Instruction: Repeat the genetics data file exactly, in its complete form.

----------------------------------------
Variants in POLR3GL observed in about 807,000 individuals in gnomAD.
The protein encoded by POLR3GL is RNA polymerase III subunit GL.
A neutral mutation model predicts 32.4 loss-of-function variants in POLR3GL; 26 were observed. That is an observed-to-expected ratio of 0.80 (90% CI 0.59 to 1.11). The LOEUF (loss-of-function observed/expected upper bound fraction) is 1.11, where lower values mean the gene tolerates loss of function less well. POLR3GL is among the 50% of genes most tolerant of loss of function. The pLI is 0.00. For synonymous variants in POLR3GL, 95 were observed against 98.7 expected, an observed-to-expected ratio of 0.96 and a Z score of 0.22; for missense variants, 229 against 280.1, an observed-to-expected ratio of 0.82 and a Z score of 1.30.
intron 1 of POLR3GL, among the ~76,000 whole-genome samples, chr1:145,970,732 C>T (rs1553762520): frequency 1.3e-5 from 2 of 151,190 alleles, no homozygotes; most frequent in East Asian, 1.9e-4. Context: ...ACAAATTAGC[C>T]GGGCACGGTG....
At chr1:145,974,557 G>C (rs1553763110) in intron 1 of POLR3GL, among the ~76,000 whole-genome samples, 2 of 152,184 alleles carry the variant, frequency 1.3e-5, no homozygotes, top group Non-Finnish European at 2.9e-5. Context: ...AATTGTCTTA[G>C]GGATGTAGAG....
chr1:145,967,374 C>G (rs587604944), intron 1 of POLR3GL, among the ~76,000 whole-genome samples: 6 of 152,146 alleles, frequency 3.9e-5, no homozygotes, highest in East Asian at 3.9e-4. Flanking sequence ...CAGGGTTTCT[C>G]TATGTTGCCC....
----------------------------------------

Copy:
Variants in POLR3GL observed in about 807,000 individuals in gnomAD.
The protein encoded by POLR3GL is RNA polymerase III subunit GL.
A neutral mutation model predicts 32.4 loss-of-function variants in POLR3GL; 26 were observed. That is an observed-to-expected ratio of 0.80 (90% CI 0.59 to 1.11). The LOEUF (loss-of-function observed/expected upper bound fraction) is 1.11, where lower values mean the gene tolerates loss of function less well. POLR3GL is among the 50% of genes most tolerant of loss of function. The pLI is 0.00. For synonymous variants in POLR3GL, 95 were observed against 98.7 expected, an observed-to-expected ratio of 0.96 and a Z score of 0.22; for missense variants, 229 against 280.1, an observed-to-expected ratio of 0.82 and a Z score of 1.30.
intron 1 of POLR3GL, among the ~76,000 whole-genome samples, chr1:145,970,732 C>T (rs1553762520): frequency 1.3e-5 from 2 of 151,190 alleles, no homozygotes; most frequent in East Asian, 1.9e-4. Context: ...ACAAATTAGC[C>T]GGGCACGGTG....
At chr1:145,974,557 G>C (rs1553763110) in intron 1 of POLR3GL, among the ~76,000 whole-genome samples, 2 of 152,184 alleles carry the variant, frequency 1.3e-5, no homozygotes, top group Non-Finnish European at 2.9e-5. Context: ...AATTGTCTTA[G>C]GGATGTAGAG....
chr1:145,967,374 C>G (rs587604944), intron 1 of POLR3GL, among the ~76,000 whole-genome samples: 6 of 152,146 alleles, frequency 3.9e-5, no homozygotes, highest in East Asian at 3.9e-4. Flanking sequence ...CAGGGTTTCT[C>G]TATGTTGCCC....